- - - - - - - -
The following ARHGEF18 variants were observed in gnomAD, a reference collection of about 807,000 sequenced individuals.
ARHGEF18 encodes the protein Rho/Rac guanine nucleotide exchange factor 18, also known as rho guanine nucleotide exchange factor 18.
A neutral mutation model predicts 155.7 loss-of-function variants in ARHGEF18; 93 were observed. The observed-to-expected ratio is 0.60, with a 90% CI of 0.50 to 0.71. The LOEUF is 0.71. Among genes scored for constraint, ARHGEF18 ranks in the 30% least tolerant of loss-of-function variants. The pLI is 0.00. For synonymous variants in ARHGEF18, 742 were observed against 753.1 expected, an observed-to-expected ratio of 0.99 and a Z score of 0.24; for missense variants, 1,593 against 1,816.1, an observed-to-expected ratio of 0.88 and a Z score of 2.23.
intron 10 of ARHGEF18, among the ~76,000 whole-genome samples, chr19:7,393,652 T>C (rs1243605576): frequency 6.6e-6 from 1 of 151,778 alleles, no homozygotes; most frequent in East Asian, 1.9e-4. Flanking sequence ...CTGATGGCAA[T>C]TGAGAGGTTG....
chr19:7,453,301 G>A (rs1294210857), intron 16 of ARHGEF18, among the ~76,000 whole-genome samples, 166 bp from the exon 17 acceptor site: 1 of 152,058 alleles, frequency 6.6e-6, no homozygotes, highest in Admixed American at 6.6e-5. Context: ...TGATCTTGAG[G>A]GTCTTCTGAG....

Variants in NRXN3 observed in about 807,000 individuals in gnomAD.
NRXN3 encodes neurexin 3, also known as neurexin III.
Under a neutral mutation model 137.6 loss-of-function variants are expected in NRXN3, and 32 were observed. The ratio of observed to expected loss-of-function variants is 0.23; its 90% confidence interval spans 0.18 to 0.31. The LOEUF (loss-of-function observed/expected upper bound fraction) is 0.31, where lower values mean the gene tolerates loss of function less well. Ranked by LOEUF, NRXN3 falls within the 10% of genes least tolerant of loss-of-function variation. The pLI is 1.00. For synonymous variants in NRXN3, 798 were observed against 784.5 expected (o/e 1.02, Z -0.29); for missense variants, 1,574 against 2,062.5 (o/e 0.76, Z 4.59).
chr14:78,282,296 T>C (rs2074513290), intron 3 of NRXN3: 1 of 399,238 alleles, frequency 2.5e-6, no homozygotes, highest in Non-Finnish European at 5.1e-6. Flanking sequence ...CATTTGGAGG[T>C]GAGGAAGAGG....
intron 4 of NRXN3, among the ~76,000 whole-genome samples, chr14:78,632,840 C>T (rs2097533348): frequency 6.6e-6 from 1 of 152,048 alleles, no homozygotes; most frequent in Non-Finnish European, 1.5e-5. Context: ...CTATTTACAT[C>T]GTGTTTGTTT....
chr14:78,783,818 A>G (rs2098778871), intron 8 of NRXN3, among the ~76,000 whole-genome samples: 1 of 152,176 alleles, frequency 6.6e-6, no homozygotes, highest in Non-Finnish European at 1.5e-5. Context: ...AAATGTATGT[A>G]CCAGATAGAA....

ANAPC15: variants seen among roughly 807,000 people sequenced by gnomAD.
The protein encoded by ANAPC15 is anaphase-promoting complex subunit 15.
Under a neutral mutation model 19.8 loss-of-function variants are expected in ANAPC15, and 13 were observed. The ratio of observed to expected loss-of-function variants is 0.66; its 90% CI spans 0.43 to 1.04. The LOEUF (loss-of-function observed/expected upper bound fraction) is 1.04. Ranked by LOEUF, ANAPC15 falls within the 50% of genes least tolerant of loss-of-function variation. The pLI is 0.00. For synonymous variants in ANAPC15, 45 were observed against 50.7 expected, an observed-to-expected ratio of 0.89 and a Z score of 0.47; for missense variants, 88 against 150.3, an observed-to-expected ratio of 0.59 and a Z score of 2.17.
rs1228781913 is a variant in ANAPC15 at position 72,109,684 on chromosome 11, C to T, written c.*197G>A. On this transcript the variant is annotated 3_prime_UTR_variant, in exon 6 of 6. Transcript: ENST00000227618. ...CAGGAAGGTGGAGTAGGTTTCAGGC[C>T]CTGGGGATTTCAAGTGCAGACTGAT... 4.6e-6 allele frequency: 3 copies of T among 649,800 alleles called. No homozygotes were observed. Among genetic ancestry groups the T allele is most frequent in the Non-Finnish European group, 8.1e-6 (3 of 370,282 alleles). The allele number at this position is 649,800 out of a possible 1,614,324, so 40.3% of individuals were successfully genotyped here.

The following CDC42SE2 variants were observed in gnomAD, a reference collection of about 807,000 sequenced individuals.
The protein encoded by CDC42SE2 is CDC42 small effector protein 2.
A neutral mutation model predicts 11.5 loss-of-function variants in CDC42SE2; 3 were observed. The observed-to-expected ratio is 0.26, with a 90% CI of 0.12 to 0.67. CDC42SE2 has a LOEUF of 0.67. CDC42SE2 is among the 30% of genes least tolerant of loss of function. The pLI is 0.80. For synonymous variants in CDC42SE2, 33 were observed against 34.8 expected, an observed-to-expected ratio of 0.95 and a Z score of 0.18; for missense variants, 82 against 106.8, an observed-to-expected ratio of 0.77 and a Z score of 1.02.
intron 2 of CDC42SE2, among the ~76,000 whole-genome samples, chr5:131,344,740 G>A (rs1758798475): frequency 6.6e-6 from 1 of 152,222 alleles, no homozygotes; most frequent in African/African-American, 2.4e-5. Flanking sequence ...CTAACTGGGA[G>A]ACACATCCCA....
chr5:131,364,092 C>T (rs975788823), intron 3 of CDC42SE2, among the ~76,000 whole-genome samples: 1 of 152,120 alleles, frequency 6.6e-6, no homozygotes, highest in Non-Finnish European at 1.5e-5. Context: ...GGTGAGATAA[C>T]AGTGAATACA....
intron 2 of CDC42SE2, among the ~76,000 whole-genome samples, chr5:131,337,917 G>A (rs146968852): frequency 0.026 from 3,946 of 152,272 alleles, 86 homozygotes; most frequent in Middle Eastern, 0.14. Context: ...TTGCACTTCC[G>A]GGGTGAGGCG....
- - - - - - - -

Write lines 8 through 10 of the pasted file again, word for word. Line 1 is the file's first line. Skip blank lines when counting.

Under a neutral mutation model 137.6 loss-of-function variants are expected in NRXN3, and 32 were observed. The ratio of observed to expected loss-of-function variants is 0.23; its 90% confidence interval spans 0.18 to 0.31. The LOEUF (loss-of-function observed/expected upper bound fraction) is 0.31, where lower values mean the gene tolerates loss of function less well. Ranked by LOEUF, NRXN3 falls within the 10% of genes least tolerant of loss-of-function variation. The pLI is 1.00. For synonymous variants in NRXN3, 798 were observed against 784.5 expected (o/e 1.02, Z -0.29); for missense variants, 1,574 against 2,062.5 (o/e 0.76, Z 4.59).
chr14:78,282,296 T>C (rs2074513290), intron 3 of NRXN3: 1 of 399,238 alleles, frequency 2.5e-6, no homozygotes, highest in Non-Finnish European at 5.1e-6. Flanking sequence ...CATTTGGAGG[T>C]GAGGAAGAGG....
intron 4 of NRXN3, among the ~76,000 whole-genome samples, chr14:78,632,840 C>T (rs2097533348): frequency 6.6e-6 from 1 of 152,048 alleles, no homozygotes; most frequent in Non-Finnish European, 1.5e-5. Context: ...CTATTTACAT[C>T]GTGTTTGTTT....